# Probability Concepts and Applications

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Probability Concepts and Applications
Chapter 2 Probability Concepts and Applications

Probability A probability is a numerical description of the chance that an event will occur. Examples: P(it rains tomorrow) P(flooding in St. Louis in September) P(winning a game at a slot machine) P(50 or more customers coming to the store in the next hour) P(A checkout process at a store is finished within 2 minutes)

Basic Laws of Probabilities
0 <= P(event) <= 1 Sum of the probabilities of all possible outcomes of an activity (a trial) equals to 1.

Subjective Probability
Subjective Probability is coming from person’s judgment or experience. Example: Probability of landing on “head” when tossing a coin. Probability of winning a lottery. Chance that the stock market goes down in coming year.

Objective Probability
Objective Probability is the frequency that is derived from the past records How to calculate frequency? Example: page 23 and page 34

Quantity Demanded (Gallons)
Example, p.25 (a) Calculate probabilities of daily demand from data in the past Quantity Demanded (Gallons) Number of Days 40 1 80 2 50 3 20 4 10 What is the probability that daily demand is 4 gallons? 3 gallons? 2 gallons? …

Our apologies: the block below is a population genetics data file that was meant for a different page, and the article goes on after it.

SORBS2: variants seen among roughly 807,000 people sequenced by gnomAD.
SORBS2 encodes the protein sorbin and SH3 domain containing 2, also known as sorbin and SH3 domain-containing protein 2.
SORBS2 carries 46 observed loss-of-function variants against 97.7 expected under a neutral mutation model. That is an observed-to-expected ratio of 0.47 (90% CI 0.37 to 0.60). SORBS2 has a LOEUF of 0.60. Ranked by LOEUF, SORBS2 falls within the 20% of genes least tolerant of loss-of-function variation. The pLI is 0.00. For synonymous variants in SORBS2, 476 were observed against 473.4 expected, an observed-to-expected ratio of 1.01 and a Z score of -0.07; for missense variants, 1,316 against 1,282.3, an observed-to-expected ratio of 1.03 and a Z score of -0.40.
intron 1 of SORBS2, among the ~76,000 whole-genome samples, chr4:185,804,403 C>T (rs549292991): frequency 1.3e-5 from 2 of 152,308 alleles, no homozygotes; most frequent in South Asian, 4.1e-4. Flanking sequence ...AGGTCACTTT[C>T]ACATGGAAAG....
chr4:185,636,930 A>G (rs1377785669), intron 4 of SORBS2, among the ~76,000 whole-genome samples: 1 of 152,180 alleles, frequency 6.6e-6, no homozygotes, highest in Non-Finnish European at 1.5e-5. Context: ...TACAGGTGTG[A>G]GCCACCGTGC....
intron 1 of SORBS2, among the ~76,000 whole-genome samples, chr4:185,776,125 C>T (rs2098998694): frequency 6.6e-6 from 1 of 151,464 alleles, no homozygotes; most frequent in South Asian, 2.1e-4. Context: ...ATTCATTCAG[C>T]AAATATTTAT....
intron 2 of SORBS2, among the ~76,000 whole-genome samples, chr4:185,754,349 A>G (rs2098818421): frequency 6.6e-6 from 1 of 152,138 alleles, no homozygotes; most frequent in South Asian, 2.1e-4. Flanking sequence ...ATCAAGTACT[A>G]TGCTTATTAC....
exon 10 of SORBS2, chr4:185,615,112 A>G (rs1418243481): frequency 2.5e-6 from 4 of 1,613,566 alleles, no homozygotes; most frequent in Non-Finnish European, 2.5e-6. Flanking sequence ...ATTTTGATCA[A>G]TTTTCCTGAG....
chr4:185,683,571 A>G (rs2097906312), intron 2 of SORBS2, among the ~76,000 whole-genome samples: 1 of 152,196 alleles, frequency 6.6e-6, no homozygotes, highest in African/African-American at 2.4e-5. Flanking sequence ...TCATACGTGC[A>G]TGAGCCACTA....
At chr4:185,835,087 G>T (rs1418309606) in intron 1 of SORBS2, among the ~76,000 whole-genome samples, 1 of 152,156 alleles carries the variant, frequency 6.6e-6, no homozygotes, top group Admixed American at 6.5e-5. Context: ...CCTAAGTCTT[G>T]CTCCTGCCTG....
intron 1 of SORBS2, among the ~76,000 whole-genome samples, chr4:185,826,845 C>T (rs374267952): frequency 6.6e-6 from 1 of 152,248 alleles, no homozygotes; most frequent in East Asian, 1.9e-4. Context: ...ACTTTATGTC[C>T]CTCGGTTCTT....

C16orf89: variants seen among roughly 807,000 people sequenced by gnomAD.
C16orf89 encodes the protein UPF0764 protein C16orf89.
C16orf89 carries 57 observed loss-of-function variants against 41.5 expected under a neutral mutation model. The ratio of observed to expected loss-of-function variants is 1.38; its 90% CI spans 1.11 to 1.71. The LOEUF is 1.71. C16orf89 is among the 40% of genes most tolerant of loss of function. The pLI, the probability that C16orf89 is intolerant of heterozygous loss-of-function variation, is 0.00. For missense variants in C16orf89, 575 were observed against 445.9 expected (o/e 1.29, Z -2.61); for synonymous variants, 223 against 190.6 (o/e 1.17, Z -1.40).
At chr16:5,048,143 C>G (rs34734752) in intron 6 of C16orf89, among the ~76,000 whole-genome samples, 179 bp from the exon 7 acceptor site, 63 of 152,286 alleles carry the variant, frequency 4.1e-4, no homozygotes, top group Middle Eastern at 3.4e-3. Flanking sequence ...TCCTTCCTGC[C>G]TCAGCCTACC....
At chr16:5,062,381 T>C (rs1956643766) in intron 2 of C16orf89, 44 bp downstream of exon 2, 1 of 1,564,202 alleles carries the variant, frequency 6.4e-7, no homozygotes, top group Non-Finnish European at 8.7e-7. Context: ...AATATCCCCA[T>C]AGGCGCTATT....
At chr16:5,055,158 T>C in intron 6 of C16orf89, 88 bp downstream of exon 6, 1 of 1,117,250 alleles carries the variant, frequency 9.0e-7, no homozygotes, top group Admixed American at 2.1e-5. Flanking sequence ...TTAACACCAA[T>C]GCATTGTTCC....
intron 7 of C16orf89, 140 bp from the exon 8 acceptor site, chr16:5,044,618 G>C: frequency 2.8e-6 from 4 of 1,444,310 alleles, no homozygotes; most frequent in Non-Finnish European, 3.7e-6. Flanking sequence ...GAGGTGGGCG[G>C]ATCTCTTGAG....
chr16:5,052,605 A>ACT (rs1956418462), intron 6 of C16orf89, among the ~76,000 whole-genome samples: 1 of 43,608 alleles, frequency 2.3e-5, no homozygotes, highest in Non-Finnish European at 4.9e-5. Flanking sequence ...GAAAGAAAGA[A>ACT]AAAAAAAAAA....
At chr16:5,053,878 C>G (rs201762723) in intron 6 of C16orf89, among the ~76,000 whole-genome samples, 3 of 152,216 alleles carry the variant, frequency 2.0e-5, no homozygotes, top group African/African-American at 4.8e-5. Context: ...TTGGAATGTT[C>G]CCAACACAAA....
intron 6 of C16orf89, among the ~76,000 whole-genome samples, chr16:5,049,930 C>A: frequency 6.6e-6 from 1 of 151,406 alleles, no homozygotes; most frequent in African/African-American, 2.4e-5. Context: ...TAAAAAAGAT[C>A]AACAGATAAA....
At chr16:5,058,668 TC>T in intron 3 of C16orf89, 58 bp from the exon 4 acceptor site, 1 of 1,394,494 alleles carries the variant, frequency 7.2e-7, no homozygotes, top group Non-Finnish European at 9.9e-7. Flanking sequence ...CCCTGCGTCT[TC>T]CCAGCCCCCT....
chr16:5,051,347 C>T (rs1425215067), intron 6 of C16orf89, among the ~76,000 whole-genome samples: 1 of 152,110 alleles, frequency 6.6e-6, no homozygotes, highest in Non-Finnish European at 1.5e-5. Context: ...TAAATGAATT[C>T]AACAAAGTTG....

Quantity Demanded (Gallons) Number of Days Frequency as Probability
Example, p.25 (b) Quantity Demanded (Gallons) Number of Days Frequency as Probability 40 1 80 2 50 3 20 4 10 Total

‘Possible Outcomes’ vs. ‘Occurrences’
In the given data, differentiate the column for ‘possible outcomes’ of an event from the column for ‘occurrences’ (how many times an outcome occurred). Probabilities are about possible ‘outcomes’, whose calculations are based on the column of ‘occurrences’.

Union of Events Union of two events A and B refers to (A or B), which is also put as AUB. For example, drawing one from 52 playing cards. If A= a “7” is drawn, B= a “heart” is drawn, then AUB means “the card drawn is either a ‘7’ or a ‘heart’”.

Intersection of Events
Intersection of two events A and B refers to (A and B), which is also put as A∩B or simply AB. For example, drawing one from 52 playing cards. If A= a “7” is drawn, B= a “heart” is drawn, then A∩B means “the card drawn is ‘7’ and a ‘heart’”.

Conditional Probability
A conditional probability is the probability of an event A given that another event B has already happened. It is put as P(A|B). For example, P(a man has got cancer | his PSA test value is 1.5), P(battery is dead | engine won’t start)